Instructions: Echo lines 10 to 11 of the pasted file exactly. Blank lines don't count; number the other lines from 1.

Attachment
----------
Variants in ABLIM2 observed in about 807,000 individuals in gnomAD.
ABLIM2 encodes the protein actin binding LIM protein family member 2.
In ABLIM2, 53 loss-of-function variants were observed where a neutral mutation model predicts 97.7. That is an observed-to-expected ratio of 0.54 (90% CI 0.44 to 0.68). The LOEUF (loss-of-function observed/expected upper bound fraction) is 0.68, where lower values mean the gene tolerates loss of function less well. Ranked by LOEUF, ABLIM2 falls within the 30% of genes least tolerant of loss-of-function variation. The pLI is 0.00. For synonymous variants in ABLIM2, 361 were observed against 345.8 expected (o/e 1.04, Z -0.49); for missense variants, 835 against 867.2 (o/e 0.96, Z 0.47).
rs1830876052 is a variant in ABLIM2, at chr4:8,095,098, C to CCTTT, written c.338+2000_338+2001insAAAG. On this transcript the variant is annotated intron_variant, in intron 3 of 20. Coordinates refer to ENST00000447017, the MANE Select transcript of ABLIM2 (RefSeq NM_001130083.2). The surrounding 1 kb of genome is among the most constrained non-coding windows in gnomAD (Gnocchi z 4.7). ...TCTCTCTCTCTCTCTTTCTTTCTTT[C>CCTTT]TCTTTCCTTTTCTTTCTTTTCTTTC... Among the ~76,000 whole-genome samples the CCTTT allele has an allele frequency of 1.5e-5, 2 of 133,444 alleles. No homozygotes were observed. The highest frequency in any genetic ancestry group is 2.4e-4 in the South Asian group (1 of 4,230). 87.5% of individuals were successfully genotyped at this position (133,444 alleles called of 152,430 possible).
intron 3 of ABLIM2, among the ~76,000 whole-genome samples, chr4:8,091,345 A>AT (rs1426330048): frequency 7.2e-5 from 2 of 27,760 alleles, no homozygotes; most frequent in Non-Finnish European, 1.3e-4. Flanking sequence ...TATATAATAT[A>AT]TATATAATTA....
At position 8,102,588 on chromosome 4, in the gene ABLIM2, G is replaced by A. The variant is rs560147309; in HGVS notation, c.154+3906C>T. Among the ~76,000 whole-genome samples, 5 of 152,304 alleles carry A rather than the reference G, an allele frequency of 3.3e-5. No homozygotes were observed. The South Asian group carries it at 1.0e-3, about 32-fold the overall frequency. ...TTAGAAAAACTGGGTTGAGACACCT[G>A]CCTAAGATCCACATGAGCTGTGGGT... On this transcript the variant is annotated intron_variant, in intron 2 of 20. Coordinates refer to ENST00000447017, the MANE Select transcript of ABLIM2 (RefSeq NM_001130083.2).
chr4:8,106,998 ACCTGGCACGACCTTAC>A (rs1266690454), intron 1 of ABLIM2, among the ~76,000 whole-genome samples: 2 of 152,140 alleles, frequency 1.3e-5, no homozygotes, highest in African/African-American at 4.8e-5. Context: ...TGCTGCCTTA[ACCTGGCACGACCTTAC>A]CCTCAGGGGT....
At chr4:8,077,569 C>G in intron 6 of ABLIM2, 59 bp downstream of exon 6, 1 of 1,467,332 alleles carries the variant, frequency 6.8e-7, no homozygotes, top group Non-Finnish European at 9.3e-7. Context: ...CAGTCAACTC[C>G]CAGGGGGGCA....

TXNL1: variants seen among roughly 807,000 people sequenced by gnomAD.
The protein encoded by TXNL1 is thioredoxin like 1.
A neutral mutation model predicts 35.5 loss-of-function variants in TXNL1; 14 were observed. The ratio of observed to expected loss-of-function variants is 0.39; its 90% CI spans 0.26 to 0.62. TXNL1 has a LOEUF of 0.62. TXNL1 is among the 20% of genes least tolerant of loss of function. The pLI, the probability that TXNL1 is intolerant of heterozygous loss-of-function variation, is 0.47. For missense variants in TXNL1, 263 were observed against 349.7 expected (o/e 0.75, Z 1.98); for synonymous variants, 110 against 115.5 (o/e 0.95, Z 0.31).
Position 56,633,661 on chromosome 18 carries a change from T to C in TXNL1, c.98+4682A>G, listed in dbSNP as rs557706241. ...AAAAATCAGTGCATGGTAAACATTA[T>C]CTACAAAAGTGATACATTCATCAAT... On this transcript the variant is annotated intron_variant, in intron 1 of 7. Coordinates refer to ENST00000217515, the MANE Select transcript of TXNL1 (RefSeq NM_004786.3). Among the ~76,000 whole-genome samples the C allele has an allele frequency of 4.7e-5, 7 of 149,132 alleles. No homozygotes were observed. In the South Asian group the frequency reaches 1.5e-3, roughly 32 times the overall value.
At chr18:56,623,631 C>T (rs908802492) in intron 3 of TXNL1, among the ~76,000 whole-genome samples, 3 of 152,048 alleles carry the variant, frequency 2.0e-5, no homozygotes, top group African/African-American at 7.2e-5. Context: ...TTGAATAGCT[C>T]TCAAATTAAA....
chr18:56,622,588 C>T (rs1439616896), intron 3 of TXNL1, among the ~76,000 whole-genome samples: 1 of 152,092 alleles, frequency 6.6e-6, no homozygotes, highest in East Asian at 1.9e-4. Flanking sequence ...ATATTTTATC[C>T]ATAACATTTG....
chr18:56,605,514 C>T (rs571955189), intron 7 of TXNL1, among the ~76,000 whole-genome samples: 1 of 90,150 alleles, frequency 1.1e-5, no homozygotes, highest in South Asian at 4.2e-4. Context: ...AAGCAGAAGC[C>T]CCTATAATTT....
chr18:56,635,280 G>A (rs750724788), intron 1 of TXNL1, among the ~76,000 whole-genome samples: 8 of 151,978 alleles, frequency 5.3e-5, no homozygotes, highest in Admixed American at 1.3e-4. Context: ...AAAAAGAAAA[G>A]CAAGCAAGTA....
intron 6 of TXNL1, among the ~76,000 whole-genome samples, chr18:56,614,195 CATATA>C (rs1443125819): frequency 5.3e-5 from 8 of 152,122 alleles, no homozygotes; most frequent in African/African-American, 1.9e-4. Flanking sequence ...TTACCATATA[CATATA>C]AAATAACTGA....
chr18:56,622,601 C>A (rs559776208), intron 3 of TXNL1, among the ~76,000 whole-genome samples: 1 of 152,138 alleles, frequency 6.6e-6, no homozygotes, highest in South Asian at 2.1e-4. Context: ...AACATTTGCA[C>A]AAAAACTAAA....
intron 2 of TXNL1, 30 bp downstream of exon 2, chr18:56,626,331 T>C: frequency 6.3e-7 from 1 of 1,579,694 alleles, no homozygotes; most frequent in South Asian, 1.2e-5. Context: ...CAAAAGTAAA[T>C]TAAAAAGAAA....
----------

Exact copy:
The protein encoded by TXNL1 is thioredoxin like 1.
A neutral mutation model predicts 35.5 loss-of-function variants in TXNL1; 14 were observed. The ratio of observed to expected loss-of-function variants is 0.39; its 90% CI spans 0.26 to 0.62. TXNL1 has a LOEUF of 0.62. TXNL1 is among the 20% of genes least tolerant of loss of function. The pLI, the probability that TXNL1 is intolerant of heterozygous loss-of-function variation, is 0.47. For missense variants in TXNL1, 263 were observed against 349.7 expected (o/e 0.75, Z 1.98); for synonymous variants, 110 against 115.5 (o/e 0.95, Z 0.31).